Will the APC Survive from its victory at the 2019 elections? — Nigerian Pilot News
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Will the APC Survive from its victory at the 2019 elections?



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As the ruling All Progressive Congress (APC) fresh from its victory at the 2019 elections goes through the motions of preparing itself for the tasks that lie ahead it is necessary to appraise the party’s performance at the elections and the fallouts this performance threw up with a view to determining how the party will measure up to the expectations of Nigerians in the next four years.

Let us begin with the elections. Nigerians viewed this as the litmus test of how the APC will fare in the first elections to be conducted under its watch. In this regard there was a general expectation that as a party which came to power in the 2015 elections with a stated commitment to upholding the rule of law and due process, the APC will by the conduct of its internal processes convince Nigerians to expect a comparative qualitative improvement in the 2019 elections from what we have come to experience under elections conducted by the opposition Peoples Democratic Party (PDP) when it held sway.

In the run up to the 2015 elections the APC by the conduct of its internal processes earned universal admiration and hope as the beacon of our democratic future. In the 2019 however the APC arrived the elections bearing the same ills that we have come to identify with the PDP which to a large extent led to its loss of power in 2015. In many states the rule of thumb was for governors to seek to hijack the party machinery with a view to isolating perceived political opponents. We all saw the fallouts from those acts of political chicanery wherein the APC became riven with factions in ferocious political battles with each often tearing the much needed cohesion and focus of the party.

Of course APC party apologists sought to deflect the spate of civil wars in the party as an indication of democracy at work. But nobody was deceived because Nigerians saw clearly that the factional political battles raging in the APC were not to advance some fundamental democratic ideals of benefit to Nigerians, but more to advance the personal pecuniary interests of the political figures and the factions they led.

APC apologists can continue in denial of the existential situation within the party but the results of the 2019 elections and how the APC fared present the true picture of things.

In the 2019 presidential elections which the incumbent Muhammadu Buhari won, the total votes was less than what he garnered in 2015 as a challenger against then President Goodluck Jonathan. The question to ask is if President Buhari had impacted so positively on Nigerians why did he score fewer votes in 2019 than in 2015? Indeed if that were the case he should have won by a far greater margin than he returned in the 2019 elections.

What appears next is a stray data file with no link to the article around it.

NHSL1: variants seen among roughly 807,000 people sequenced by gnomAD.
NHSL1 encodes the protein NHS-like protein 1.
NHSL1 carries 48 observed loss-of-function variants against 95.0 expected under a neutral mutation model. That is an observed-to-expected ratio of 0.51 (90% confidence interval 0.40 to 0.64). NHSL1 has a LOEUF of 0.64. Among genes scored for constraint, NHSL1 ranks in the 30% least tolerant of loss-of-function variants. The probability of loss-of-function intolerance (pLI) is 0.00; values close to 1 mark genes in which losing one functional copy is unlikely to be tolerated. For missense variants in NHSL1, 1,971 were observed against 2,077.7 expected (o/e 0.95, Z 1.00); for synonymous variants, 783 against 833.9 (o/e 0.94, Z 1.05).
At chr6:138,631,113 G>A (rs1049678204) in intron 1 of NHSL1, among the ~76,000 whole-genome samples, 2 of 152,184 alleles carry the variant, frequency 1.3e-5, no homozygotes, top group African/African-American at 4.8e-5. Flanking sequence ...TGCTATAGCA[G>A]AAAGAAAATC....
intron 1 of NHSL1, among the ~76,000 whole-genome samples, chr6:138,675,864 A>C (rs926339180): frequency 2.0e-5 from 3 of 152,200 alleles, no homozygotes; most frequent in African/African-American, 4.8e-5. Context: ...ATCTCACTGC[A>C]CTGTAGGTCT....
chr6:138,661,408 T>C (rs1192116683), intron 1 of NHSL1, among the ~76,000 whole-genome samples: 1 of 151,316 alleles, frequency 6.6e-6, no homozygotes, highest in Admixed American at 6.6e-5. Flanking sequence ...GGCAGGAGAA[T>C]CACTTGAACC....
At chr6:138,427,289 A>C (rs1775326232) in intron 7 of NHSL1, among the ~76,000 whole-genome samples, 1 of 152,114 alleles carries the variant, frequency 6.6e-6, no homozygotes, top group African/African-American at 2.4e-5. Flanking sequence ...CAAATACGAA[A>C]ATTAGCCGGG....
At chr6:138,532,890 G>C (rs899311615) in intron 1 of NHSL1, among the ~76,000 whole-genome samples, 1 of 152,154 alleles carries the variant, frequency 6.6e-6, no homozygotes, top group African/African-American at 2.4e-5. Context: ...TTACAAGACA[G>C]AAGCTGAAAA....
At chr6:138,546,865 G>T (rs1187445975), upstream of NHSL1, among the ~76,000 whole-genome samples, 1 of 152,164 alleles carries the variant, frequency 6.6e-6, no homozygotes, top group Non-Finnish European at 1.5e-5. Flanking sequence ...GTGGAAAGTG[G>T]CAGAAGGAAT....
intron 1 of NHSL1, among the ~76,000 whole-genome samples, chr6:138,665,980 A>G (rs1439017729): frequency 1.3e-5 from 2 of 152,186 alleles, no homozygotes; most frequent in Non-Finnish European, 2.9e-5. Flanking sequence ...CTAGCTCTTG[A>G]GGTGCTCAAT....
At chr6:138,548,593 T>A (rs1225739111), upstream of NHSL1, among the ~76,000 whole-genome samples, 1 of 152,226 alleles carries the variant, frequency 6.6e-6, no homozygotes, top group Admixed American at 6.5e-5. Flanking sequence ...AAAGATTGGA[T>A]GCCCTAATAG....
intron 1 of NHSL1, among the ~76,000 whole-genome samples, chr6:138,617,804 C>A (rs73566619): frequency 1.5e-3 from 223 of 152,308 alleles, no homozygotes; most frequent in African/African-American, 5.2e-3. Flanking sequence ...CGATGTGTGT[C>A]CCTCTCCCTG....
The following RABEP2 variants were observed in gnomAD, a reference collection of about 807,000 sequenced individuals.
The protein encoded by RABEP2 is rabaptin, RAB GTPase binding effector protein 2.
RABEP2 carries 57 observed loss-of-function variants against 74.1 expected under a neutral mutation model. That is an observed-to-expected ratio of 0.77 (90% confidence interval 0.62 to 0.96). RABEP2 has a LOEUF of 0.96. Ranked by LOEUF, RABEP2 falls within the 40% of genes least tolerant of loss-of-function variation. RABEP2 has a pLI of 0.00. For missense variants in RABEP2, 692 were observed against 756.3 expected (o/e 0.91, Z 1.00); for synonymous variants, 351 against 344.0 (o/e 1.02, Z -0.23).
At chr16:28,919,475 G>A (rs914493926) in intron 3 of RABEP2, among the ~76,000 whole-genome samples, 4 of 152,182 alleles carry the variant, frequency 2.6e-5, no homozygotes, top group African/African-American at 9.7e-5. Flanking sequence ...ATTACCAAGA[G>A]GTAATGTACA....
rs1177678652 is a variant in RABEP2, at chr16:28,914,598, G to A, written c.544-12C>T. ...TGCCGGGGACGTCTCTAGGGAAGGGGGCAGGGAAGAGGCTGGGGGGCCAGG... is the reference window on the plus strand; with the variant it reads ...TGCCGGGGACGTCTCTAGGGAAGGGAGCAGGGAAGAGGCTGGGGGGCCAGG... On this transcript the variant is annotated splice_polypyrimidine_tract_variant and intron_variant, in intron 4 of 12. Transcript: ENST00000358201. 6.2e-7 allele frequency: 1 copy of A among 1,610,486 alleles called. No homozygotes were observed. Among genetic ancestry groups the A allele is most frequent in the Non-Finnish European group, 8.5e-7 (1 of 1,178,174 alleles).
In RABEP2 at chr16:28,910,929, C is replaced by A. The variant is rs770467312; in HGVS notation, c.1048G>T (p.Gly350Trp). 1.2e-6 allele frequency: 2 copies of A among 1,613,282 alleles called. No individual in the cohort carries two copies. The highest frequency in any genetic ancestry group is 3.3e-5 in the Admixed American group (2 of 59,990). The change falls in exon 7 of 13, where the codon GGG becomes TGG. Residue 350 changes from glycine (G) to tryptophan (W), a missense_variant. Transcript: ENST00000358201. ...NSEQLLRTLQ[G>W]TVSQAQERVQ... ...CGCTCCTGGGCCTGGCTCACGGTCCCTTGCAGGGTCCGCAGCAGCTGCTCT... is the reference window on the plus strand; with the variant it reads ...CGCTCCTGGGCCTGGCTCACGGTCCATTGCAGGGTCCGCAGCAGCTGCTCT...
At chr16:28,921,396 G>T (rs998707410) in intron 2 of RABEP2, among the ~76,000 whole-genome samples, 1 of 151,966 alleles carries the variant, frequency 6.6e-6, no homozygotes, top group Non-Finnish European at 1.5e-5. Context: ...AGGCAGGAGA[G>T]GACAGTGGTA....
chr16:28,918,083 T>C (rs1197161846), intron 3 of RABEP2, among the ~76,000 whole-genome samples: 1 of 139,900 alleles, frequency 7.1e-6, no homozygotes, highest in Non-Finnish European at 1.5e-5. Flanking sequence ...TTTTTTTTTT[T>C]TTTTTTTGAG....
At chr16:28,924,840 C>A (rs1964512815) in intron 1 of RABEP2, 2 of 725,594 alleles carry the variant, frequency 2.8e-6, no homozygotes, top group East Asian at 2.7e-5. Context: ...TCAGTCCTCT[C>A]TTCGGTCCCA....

Again many expected that President Buharis victory at the presidential polls would result in the APC gaining more PDP states in the governorship elections. But here the APC suffered defeats in Benue, Bauchi, Sokoto, Adamawa and Oyo states and kept Kano by a narrow margin in what many justifiably feel was under questionable circumstances. Clearly the expected Buhari bandwagon effect that swept PDP states in 2015 did not materialise in 2019 and indeed was of little consequence. With their noses ahead from the just concluded elections, the PDP stands in pole position to claim the next governorship elections in Ondo, Bayelsa, Anambra, Edo and Kogi states. Does that not lay bare the existential situation in the APC? Had the governorship and state assemblies election taken place first, could the APC hope to win the presidential elections?

Against this background anybody assigned to look at the tea leaves for the APC will not fail to notice the dangers that lie ahead for the party.

In this regard, the great headwind ahead for the APC as it tries to navigate through the coming four years has to do with the status of president Buhari in the party and polity and the permutations of the 2023 elections.

By sheer force of his personality, president Buhari has been without question the most outstanding political figure around whom the APC was built and sustained. The elections of 2015 and 2015 were won by the APC largely on account of this factor. But as he will be status barred in the 2023 elections many believe that the APC will struggle hard to keep itself together approaching the elections. For the APC, this will not be helped that in the 2019 elections, Nigerians by their votes demonstrated greater love for Muhammadu Buhari the person than the party itself. The question to ask is who can the party turn to within its ranks to play the role that president Buhari has been playing in keeping the party together and boosting its electoral chances and performances?

Notwithstanding its victory at the 2019 polls, the APC is a deeply wounded party. In the coming months the combination of the absence of the Buhari factor in the 2023 elections, the fierce unbridled ambitions of leading political figures as they jockey for vantage positions towards 2023 elections, the deepening irreconcilable differences between the various political factions within the party will stress the party acutely.

Basking currently in the afterglow of victory it is tempting to dismiss these existential issues within the APC. But unless the APC comes to terms with these political headwinds and initiate urgent and drastic measures in the form of genuine party reforms and constituting an honest dialogue within its ranks and with the Nigerian people who clearly are losing the faith they reposed in the party as the fallouts of the 2019 elections shows, the APC stands the distinct risk of self-destruction sooner or later.

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